Oberwolfach Reports

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Volume 5, Issue 4, 2008, pp. 2875–2942
DOI: 10.4171/OWR/2008/51

Published online: 2009-09-30

Combinatorial Optimization

William J. Cook[1], Andras Frank[2] and Michael Jünger[3]

(1) Georgia Institute of Technology, Atlanta, USA
(2) ELTE TTK, Budapest, Hungary
(3) Universität zu Köln, Germany

Combinatorial Optimization remains a very lively discipline with strong connections to Combinatorics, Graph Theory, Geometry, and Integer Programming. For over thirty years, Oberwolfach workshops have had a central role in shaping the field, being the unique setting where the entire spectrum of the subject is covered, from fundamental theory to practical computation. The 2008 Combinatorial Optimization Workshop was again a great success. We would like to take this opportunity to thank all speakers for the great care they put into preparing their contributions, and to thank all participants for their active discussions that led to a truly stimulating meeting. Just like our predecessors, we are happy that we could attract many of the strongest theoreticians as well as the most successful practitioners to the workshop.

Even though the team of organizers has dynamically changed over the last thirty years, a format has emerged that has been quite stable in the last decade, namely a mix of a few pre-arranged focus talks and short presentations of the participants that are scheduled during the conference. In the focus talks, selected experts survey the state-of-the-art in current hot topics and point out new mathematical challenges. While we have largely adopted this format, we have lowered the number of short presentations in favor of more time that can be spent for joint research in small groups, taking up a suggestion made by the director during the previous Combinatorial Optimization Workshop held in 2005. We have had very positive feedback from workshop participants that this measure enhances the conditions for new cooperation between participants that can be expected to lead to continued joint work and publications afterwards. Each day, the program started with a pre-arranged one hour focus presentation, followed by two thirty-minute presentations in the morning and three thirty-minute presentations before dinner.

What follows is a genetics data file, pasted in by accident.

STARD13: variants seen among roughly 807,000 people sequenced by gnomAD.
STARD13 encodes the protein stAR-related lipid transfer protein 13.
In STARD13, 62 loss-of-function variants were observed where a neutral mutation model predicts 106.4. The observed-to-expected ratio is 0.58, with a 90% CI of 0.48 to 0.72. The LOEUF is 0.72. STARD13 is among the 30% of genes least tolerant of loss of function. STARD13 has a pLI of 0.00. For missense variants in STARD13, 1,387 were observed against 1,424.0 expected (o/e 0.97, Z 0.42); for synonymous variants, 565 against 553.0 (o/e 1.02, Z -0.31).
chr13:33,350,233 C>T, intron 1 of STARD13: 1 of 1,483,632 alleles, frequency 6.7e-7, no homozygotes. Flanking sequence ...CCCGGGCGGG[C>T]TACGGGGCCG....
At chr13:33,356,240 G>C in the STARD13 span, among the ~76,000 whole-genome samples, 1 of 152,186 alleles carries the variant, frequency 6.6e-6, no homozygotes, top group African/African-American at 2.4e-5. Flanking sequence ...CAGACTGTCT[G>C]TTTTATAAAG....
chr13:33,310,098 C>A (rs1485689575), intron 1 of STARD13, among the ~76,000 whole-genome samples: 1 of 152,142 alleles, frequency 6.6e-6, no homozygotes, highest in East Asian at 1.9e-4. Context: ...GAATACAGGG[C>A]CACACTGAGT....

This year's focus talks featured topics that bring together techniques from other areas of mathematics to explore new approaches for attacking well-known combinatorial problems. Tibor Jord\'an led off the workshop with a talk covering methods in network localization, making use of ideas from combinatorial rigidity. Tuesday's talk was by Kazuo Murota, discussing the new area of discrete convex analysis, where combinatorial analogues of basic convex results are being developed, mainly in the Japanese research community. Friedrich Eisenbrand presented new directions in the application of techniques from the geometry of numbers in Wednesday's talk, including several new open problems in the area of integer programming. On Thursday, Monique Laurent gave an in-depth treatment of the use of semidefinite programming techniques applied to coloring problems in graphs. Andr{\'a}s Seb\H{o} gave the final focus talk on Friday, describing the application of polyhedral techniques to graph optimization problems.

A new addition to this year's workshop was an evening session devoted to computational integer programming, featuring discussions led by Robert Bixby, Sanjeeb Dash, and Alexander Martin. The session highlights one of the remarkable achievements of the field in general and the Oberwolfach meetings in particular, namely, a very fast transition form basic theoretical breakthroughs to commercially successful software. Within the course of the three-year cycle of the Oberwolfach meetings, proposed new techniques work their way from academia to the leading mixed-integer programming software, delivered throughout the industrial sector. The broad mix of researchers at the Combinatorial Optimization Workshops directly contributes to this rapid transfer.

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Cook William, Frank Andras, Jünger Michael: Combinatorial Optimization. Oberwolfach Rep. 5 (2008), 2875-2942. doi: 10.4171/OWR/2008/51